The aim of the present work was to examine the potential re-usage of a biodiesel product that could not fulfil the export specifications legislation and therefore remained out of the market. As biodiesel is typically blended with diesel at different concentration levels, its addition to heating oil at various volumes (2.5%, 5%, 7%, 10%, 20%, and 50% v/v) was examined. Towards this, three main parameters were initially measured (cetane index (CI) after distillation, oxidation stability, and cold filter plugging point (CFPP)) and discussed [31]. In the same way, nine key points parameters were additionally measured (kinematic viscosity, sulfur content, micro carbon residue (MCR), distillation curves, density, cloud point (CP), FAMEs content, heat of combustion, iodine value (IV)), next to the three latter values, in order to provide a more comprehensive knowledge for the produced mixture.

2. Materials and Methods

2.1. Blend Preparation

In the current work, four different heating oils (HO) and biodiesel (B100) were used. Table 1 reveals the properties of biodiesel. HO were blended with biodiesel at percentages 10%, 20%, and 50% in biodiesel at ambient temperature. In Sample 1, the heating oil was mixed with biodiesel in a ratio of 2.5%, 7%, 10%, 20%, and 50% v/v biodiesel. Since the results in the ratios 2.5% and 7% were quite close, the rest of the samples (Samples 2, 3 and 4), were mixed at higher ratios, as shown in Table 2.

2.2. Materials

A residual product (biodiesel B100), which cannot be placed on the market due to its lack of adequate properties, was purchased from a local factory in Cyprus. Such properties are the high iodine value content (Table 1) and oxidation stability, which were out of EN 14214 limit values (see Section 3.9 and Section 3.11). Also, four HO (HO1: heating oil with destination outside Europe, HO2: heating oil with destination within Europe, HO3: heating oil for Cyprus trade and HO4: rural Cyprus oil) were mixed with B100. The reagents used in the synthesis, purification, and glassware cleaning procedures were hexane (≥96.0%, Merck, Nicosia, Cyprus), acetone (≥99.5%, Merck), propane (≥99.5%, Merck), distilled water (Water Purification System, Elga Purelab Option Q7, High Wycombe, UK) and heptane (≥99.0%, Merck).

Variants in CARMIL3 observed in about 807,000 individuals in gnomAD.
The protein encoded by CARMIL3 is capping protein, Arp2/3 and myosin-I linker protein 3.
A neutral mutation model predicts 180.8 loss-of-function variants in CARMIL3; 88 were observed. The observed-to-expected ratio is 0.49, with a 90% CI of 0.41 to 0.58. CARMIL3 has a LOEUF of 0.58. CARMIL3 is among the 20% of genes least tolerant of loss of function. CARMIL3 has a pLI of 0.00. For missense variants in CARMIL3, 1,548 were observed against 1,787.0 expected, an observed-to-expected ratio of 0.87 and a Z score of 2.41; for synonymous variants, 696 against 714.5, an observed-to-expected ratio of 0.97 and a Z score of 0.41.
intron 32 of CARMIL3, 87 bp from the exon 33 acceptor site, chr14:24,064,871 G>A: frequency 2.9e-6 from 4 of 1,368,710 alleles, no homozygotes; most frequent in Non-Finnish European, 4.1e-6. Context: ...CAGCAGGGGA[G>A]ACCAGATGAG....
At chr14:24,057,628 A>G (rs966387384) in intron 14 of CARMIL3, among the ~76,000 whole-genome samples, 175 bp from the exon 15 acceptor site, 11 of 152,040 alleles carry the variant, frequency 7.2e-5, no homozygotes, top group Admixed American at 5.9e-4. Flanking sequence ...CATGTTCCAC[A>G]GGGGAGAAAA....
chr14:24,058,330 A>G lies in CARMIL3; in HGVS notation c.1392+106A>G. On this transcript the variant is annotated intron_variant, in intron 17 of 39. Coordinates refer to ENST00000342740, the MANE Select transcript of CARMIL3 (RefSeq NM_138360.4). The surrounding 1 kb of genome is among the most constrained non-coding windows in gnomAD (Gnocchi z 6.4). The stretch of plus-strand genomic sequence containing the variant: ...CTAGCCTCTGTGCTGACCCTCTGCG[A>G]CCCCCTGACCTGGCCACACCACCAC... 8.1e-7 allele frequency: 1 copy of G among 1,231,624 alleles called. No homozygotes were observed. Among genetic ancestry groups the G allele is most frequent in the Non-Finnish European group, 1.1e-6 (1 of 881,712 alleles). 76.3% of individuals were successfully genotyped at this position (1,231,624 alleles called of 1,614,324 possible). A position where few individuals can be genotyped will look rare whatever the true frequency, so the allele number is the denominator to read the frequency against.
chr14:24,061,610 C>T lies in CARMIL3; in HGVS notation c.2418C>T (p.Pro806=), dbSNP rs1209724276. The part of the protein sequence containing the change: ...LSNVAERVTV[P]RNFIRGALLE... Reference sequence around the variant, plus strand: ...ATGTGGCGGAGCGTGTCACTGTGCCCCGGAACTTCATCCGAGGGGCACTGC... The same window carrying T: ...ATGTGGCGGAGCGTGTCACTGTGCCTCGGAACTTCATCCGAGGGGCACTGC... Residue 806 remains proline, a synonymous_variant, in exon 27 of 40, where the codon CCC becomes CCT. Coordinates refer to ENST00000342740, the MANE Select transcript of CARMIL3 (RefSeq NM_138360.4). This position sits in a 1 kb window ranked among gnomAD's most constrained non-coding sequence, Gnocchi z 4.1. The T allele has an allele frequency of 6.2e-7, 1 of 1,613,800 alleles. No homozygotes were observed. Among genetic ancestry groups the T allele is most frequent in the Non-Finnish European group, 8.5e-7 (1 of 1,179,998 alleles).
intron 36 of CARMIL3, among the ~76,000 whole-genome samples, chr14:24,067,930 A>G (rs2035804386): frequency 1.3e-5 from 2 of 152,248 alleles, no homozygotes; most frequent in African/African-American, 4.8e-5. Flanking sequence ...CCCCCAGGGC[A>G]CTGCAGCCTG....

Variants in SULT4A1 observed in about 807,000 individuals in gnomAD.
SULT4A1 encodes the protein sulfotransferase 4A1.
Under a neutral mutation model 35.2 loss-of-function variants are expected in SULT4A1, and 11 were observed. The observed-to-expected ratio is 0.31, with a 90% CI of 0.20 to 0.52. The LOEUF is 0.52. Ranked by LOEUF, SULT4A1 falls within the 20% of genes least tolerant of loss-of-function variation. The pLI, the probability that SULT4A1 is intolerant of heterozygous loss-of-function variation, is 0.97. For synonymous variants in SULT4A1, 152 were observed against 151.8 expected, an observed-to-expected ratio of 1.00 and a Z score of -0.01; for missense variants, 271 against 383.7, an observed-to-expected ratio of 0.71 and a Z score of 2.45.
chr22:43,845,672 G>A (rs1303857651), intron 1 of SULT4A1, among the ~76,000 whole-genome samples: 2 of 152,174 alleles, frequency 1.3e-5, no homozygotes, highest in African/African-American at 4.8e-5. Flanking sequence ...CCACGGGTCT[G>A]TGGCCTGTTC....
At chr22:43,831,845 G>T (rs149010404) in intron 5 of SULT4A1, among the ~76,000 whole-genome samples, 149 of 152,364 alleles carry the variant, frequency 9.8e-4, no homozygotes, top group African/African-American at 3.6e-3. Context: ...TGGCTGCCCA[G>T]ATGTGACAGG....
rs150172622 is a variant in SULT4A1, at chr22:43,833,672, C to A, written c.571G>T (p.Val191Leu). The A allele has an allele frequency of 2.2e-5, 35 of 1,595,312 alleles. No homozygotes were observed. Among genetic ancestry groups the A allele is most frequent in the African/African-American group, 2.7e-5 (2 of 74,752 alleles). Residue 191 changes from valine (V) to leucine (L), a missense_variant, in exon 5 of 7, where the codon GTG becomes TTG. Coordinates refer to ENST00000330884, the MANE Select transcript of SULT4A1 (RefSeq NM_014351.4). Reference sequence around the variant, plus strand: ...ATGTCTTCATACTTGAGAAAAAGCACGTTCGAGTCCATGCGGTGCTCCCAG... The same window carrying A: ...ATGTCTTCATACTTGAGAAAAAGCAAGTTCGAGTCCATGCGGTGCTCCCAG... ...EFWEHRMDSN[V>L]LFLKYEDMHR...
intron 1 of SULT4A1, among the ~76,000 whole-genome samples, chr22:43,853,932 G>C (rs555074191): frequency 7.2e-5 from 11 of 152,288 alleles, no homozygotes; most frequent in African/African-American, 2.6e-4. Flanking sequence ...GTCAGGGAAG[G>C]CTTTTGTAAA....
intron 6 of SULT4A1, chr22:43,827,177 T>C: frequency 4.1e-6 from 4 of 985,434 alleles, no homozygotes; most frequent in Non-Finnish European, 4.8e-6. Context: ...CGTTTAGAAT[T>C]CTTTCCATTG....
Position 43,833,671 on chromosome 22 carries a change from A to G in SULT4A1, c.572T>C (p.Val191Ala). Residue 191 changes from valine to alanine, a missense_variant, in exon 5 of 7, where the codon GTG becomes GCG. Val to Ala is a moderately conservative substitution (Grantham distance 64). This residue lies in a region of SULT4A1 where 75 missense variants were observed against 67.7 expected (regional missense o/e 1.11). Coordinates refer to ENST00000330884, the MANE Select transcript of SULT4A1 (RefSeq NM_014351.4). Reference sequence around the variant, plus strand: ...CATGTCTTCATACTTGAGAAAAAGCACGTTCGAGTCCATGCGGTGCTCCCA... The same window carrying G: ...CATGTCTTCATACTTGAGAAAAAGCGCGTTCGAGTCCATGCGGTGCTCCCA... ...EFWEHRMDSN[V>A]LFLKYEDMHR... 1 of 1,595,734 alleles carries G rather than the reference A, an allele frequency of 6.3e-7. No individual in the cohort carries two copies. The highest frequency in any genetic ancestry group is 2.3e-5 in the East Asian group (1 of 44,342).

2.3. Methods

2.3.1. Kinematic Viscosity

The kinematic viscosity was determined according to ASTM D7042-04 standard. It was analyzed by injecting a sample into the digital automatic viscometer analyzer (SVM 3000 Stabinger Viscometer, Anton Paar, St Albans, UK) and analyzed at 40 °C.

2.3.2. Sulfur Content

Sulfur was measured by X-ray fluorescence (XRF) according to ASTM D4294-10 (Ed Xrf, Oxford Instruments, Abingdon, UK) and ASTM D5453-09 (ultraviolet (UV)-fluorescence, Pac Antek Multitek, Belfast, Ireland) for lower sulfur range (1.0–8000 mg/kg).

2.3.3. Micro Carbon Residue (MCR)

Micro Carbon Residue (MCR) from oil samples continued with ashing of the residue was carried out according to ASTM D4530-06 (ASTM D1160 can be alternatively used). The sample was heated to 500 °C under inert atmosphere (N2), kept at 500 °C for 15 min, and cooled.

2.3.4. Distillation Curves

Distillation curves were obtained according to the ASTM D86-12 standard test method in a distillation device (Automated Distillation Analyzer, Pac Optidist Herzog, Belfast, Ireland) using 100 mL oil sample.

2.3.5. Density

Determination of oils density was performed according to ASTM D4052-96 at test temperatures between 15 and 35 °C (Density Meter Dma 4500 M with Heated Sample Changer, X-Sample 452, Anton Paar, St Albans, UK).

2.3.6. Cloud Point (CP)